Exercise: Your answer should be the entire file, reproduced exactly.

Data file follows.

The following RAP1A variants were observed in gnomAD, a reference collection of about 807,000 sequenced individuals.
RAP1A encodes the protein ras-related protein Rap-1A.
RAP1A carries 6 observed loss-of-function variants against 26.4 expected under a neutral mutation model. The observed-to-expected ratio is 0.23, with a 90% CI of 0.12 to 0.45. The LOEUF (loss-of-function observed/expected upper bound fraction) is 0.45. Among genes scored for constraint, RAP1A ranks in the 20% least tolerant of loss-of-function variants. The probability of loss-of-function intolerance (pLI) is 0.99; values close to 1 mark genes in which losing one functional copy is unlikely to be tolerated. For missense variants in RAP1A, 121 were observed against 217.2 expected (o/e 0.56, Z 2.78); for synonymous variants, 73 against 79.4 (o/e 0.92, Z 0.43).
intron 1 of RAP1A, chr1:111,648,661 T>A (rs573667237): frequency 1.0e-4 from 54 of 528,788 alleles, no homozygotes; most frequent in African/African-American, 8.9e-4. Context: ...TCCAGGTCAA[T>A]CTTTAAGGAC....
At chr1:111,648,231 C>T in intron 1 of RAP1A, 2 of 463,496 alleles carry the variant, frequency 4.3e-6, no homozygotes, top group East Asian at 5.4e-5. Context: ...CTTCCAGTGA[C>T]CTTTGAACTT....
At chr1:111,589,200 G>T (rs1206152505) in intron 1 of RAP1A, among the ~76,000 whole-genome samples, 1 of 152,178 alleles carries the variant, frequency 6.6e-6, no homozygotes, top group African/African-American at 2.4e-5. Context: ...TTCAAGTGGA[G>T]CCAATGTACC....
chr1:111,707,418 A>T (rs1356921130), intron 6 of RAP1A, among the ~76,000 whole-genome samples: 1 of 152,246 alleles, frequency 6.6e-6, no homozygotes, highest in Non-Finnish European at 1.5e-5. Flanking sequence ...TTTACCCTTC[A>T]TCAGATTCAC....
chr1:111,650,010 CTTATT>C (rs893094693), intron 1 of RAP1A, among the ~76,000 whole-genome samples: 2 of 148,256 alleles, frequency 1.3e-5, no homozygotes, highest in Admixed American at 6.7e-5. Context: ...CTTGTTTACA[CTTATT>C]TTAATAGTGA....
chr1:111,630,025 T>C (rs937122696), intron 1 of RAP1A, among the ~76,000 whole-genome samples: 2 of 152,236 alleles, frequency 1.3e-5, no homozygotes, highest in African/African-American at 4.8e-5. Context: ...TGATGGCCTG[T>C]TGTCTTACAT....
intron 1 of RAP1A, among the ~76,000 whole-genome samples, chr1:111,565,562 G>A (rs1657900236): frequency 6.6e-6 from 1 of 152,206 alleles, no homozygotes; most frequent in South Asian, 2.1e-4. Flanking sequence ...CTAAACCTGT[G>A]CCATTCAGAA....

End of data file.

The following RAP1A variants were observed in gnomAD, a reference collection of about 807,000 sequenced individuals.
RAP1A encodes the protein ras-related protein Rap-1A.
RAP1A carries 6 observed loss-of-function variants against 26.4 expected under a neutral mutation model. The observed-to-expected ratio is 0.23, with a 90% CI of 0.12 to 0.45. The LOEUF (loss-of-function observed/expected upper bound fraction) is 0.45. Among genes scored for constraint, RAP1A ranks in the 20% least tolerant of loss-of-function variants. The probability of loss-of-function intolerance (pLI) is 0.99; values close to 1 mark genes in which losing one functional copy is unlikely to be tolerated. For missense variants in RAP1A, 121 were observed against 217.2 expected (o/e 0.56, Z 2.78); for synonymous variants, 73 against 79.4 (o/e 0.92, Z 0.43).
intron 1 of RAP1A, chr1:111,648,661 T>A (rs573667237): frequency 1.0e-4 from 54 of 528,788 alleles, no homozygotes; most frequent in African/African-American, 8.9e-4. Context: ...TCCAGGTCAA[T>A]CTTTAAGGAC....
At chr1:111,648,231 C>T in intron 1 of RAP1A, 2 of 463,496 alleles carry the variant, frequency 4.3e-6, no homozygotes, top group East Asian at 5.4e-5. Context: ...CTTCCAGTGA[C>T]CTTTGAACTT....
At chr1:111,589,200 G>T (rs1206152505) in intron 1 of RAP1A, among the ~76,000 whole-genome samples, 1 of 152,178 alleles carries the variant, frequency 6.6e-6, no homozygotes, top group African/African-American at 2.4e-5. Context: ...TTCAAGTGGA[G>T]CCAATGTACC....
chr1:111,707,418 A>T (rs1356921130), intron 6 of RAP1A, among the ~76,000 whole-genome samples: 1 of 152,246 alleles, frequency 6.6e-6, no homozygotes, highest in Non-Finnish European at 1.5e-5. Flanking sequence ...TTTACCCTTC[A>T]TCAGATTCAC....
chr1:111,650,010 CTTATT>C (rs893094693), intron 1 of RAP1A, among the ~76,000 whole-genome samples: 2 of 148,256 alleles, frequency 1.3e-5, no homozygotes, highest in Admixed American at 6.7e-5. Context: ...CTTGTTTACA[CTTATT>C]TTAATAGTGA....
chr1:111,630,025 T>C (rs937122696), intron 1 of RAP1A, among the ~76,000 whole-genome samples: 2 of 152,236 alleles, frequency 1.3e-5, no homozygotes, highest in African/African-American at 4.8e-5. Context: ...TGATGGCCTG[T>C]TGTCTTACAT....
intron 1 of RAP1A, among the ~76,000 whole-genome samples, chr1:111,565,562 G>A (rs1657900236): frequency 6.6e-6 from 1 of 152,206 alleles, no homozygotes; most frequent in South Asian, 2.1e-4. Flanking sequence ...CTAAACCTGT[G>A]CCATTCAGAA....